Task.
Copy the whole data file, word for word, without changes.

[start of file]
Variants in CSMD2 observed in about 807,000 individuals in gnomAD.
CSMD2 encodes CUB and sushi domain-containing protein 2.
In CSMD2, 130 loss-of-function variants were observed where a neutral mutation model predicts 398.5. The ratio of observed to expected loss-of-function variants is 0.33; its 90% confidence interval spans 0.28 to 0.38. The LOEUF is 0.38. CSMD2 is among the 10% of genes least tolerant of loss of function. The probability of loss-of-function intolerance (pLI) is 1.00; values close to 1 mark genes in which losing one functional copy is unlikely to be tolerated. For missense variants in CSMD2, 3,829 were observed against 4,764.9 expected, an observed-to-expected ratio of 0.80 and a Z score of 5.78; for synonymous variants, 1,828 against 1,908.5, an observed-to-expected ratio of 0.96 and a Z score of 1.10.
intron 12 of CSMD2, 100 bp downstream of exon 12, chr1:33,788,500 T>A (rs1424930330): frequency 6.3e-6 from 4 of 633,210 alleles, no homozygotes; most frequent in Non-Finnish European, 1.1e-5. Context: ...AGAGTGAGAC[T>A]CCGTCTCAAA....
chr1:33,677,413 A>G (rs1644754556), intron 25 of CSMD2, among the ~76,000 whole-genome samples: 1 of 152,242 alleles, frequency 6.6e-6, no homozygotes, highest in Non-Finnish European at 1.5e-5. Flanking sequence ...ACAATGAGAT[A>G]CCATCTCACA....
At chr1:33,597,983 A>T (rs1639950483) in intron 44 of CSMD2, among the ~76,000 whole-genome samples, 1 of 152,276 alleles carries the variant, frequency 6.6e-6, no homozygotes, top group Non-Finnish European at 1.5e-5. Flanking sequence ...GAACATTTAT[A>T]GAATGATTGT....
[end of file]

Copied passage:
Variants in CSMD2 observed in about 807,000 individuals in gnomAD.
CSMD2 encodes CUB and sushi domain-containing protein 2.
In CSMD2, 130 loss-of-function variants were observed where a neutral mutation model predicts 398.5. The ratio of observed to expected loss-of-function variants is 0.33; its 90% confidence interval spans 0.28 to 0.38. The LOEUF is 0.38. CSMD2 is among the 10% of genes least tolerant of loss of function. The probability of loss-of-function intolerance (pLI) is 1.00; values close to 1 mark genes in which losing one functional copy is unlikely to be tolerated. For missense variants in CSMD2, 3,829 were observed against 4,764.9 expected, an observed-to-expected ratio of 0.80 and a Z score of 5.78; for synonymous variants, 1,828 against 1,908.5, an observed-to-expected ratio of 0.96 and a Z score of 1.10.
intron 12 of CSMD2, 100 bp downstream of exon 12, chr1:33,788,500 T>A (rs1424930330): frequency 6.3e-6 from 4 of 633,210 alleles, no homozygotes; most frequent in Non-Finnish European, 1.1e-5. Context: ...AGAGTGAGAC[T>A]CCGTCTCAAA....
chr1:33,677,413 A>G (rs1644754556), intron 25 of CSMD2, among the ~76,000 whole-genome samples: 1 of 152,242 alleles, frequency 6.6e-6, no homozygotes, highest in Non-Finnish European at 1.5e-5. Flanking sequence ...ACAATGAGAT[A>G]CCATCTCACA....
At chr1:33,597,983 A>T (rs1639950483) in intron 44 of CSMD2, among the ~76,000 whole-genome samples, 1 of 152,276 alleles carries the variant, frequency 6.6e-6, no homozygotes, top group Non-Finnish European at 1.5e-5. Flanking sequence ...GAACATTTAT[A>T]GAATGATTGT....